“A dream you dream alone is only a dream. A dream you dream together is reality.” — Yoko Ono.
Smile: August 1968
Smiling is special to Ono; she believes that smiling “is the simplest thing to make yourself healthy and make others feel good.” Ono suggests smiling in the mirror everyday and actually has a goal of taking a picture of every single person in this world wearing a smile.
She began working towards this dream by shooting SMILE (also known as Number 5), a 52 minute film, which records Lennon’s facial expressions in the garden of his English home. Funnily enough, although this film focuses entirely on one of the most famous men ever, when it was originally shown half of the audience walked out after the first half hour.
A few decades later, Ono has waded into the millennial generation with #smilesfilm, a participatory art project where people around the world upload a picture of themselves smiling. Anyone can tweet or instagram a photo of themselves smiling, add the hashtag, and become part of the project.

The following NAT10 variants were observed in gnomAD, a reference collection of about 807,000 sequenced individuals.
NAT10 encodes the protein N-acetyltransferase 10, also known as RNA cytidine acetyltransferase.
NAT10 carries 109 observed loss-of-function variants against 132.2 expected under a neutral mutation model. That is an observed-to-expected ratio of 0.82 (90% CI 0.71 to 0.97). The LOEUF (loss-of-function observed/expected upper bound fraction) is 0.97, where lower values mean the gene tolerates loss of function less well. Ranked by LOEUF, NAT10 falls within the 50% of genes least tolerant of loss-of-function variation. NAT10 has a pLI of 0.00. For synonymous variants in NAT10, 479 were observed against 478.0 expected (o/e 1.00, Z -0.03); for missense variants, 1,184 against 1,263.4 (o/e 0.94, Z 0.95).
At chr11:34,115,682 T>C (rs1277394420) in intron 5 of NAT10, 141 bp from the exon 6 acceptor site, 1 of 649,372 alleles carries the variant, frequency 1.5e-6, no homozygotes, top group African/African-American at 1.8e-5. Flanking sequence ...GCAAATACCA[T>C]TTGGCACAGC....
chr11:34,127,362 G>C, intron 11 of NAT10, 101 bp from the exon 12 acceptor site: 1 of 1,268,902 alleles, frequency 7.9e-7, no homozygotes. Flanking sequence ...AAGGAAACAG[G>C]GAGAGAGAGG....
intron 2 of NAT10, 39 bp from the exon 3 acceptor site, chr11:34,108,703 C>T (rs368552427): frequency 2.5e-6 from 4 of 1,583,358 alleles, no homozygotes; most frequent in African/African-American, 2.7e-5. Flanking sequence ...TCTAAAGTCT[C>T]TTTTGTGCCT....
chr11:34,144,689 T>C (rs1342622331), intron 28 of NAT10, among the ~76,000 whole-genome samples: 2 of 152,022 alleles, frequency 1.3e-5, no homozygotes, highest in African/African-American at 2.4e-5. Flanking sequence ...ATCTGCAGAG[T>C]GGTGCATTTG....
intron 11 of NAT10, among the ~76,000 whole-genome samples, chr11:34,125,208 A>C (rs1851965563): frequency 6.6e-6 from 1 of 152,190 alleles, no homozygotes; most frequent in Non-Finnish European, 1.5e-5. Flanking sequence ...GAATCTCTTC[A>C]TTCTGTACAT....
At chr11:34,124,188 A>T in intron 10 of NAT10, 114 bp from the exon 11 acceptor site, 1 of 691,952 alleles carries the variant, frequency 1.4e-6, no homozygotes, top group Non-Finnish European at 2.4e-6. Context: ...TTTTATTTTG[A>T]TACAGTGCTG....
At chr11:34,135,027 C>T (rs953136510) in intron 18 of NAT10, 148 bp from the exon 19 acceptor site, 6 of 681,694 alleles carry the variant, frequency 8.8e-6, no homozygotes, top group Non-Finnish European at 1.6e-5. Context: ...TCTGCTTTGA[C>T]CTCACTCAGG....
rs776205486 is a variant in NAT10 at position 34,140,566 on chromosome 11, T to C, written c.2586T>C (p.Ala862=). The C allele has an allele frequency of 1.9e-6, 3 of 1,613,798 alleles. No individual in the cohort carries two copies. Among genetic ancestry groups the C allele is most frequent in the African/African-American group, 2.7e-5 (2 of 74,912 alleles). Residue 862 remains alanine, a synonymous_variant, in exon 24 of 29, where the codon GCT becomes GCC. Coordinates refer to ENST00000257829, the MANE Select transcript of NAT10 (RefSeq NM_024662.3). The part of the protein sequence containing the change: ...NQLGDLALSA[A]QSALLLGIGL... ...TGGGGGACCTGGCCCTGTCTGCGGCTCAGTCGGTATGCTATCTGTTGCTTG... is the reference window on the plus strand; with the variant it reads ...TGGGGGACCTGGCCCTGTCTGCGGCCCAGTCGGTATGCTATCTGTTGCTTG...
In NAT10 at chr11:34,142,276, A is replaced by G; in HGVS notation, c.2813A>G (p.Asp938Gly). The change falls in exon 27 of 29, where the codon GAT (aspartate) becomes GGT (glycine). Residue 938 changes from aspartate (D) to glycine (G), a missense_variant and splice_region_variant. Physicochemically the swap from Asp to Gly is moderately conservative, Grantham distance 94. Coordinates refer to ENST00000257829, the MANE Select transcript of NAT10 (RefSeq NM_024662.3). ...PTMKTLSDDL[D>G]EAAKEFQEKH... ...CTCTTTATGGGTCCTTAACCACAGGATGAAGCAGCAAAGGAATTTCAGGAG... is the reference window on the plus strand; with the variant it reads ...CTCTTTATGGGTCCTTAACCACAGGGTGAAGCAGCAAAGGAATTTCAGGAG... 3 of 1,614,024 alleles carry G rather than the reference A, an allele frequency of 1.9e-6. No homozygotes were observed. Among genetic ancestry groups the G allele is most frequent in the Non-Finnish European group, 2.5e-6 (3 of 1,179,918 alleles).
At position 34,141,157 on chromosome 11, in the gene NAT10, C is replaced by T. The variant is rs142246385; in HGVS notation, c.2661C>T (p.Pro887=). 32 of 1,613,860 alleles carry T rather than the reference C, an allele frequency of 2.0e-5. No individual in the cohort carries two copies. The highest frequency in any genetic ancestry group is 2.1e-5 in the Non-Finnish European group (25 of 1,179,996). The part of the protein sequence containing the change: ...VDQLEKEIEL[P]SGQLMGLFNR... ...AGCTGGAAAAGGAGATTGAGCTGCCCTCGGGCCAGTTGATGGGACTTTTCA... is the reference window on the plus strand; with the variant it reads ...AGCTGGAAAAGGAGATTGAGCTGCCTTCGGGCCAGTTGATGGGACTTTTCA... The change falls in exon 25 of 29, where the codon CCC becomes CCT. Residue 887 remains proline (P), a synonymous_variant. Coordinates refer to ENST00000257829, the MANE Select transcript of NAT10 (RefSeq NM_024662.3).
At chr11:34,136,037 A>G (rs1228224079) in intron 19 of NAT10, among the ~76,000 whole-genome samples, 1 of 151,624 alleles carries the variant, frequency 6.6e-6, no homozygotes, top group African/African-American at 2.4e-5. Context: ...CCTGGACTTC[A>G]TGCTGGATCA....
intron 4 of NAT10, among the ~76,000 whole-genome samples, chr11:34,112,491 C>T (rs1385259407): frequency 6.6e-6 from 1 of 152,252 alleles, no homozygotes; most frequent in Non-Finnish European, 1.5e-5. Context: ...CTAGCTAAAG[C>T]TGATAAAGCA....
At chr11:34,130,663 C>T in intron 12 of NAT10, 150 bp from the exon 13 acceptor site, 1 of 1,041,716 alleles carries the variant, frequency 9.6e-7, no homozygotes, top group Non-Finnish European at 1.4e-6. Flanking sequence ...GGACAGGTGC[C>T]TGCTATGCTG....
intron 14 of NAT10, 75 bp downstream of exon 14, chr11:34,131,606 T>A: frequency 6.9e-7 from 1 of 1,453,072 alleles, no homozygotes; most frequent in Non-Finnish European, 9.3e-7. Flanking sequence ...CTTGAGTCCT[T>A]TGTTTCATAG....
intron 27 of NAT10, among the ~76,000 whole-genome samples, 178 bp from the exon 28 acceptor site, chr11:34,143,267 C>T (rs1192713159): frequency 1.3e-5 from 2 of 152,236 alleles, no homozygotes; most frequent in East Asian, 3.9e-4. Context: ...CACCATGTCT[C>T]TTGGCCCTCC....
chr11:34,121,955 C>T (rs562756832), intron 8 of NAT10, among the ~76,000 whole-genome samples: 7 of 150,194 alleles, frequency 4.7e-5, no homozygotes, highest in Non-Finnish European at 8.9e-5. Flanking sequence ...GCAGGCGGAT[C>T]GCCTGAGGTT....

In Amsterdam’s Hilton hotel, surrounded by hand-drawn signs, flowers, and angelic white pajamas and sheets, the couple invited the press to come in to discuss peace, for 12 hours a day. Although having one of the most famous musicians in the world and his famous artist wife lounging in bed all day sounds scandalous, Lennon and Ono were fully covered, and “looked like angels” (in Lennon’s own words.) The lack of sensationalism is even more notable when one remembers that Ono and Lennon were on their honeymoon at this time: in fact using the publicity from their wedding to bring attention to the Bed-In. Lennon was legendary for his dedication to promoting global peace during the Vietnam War era.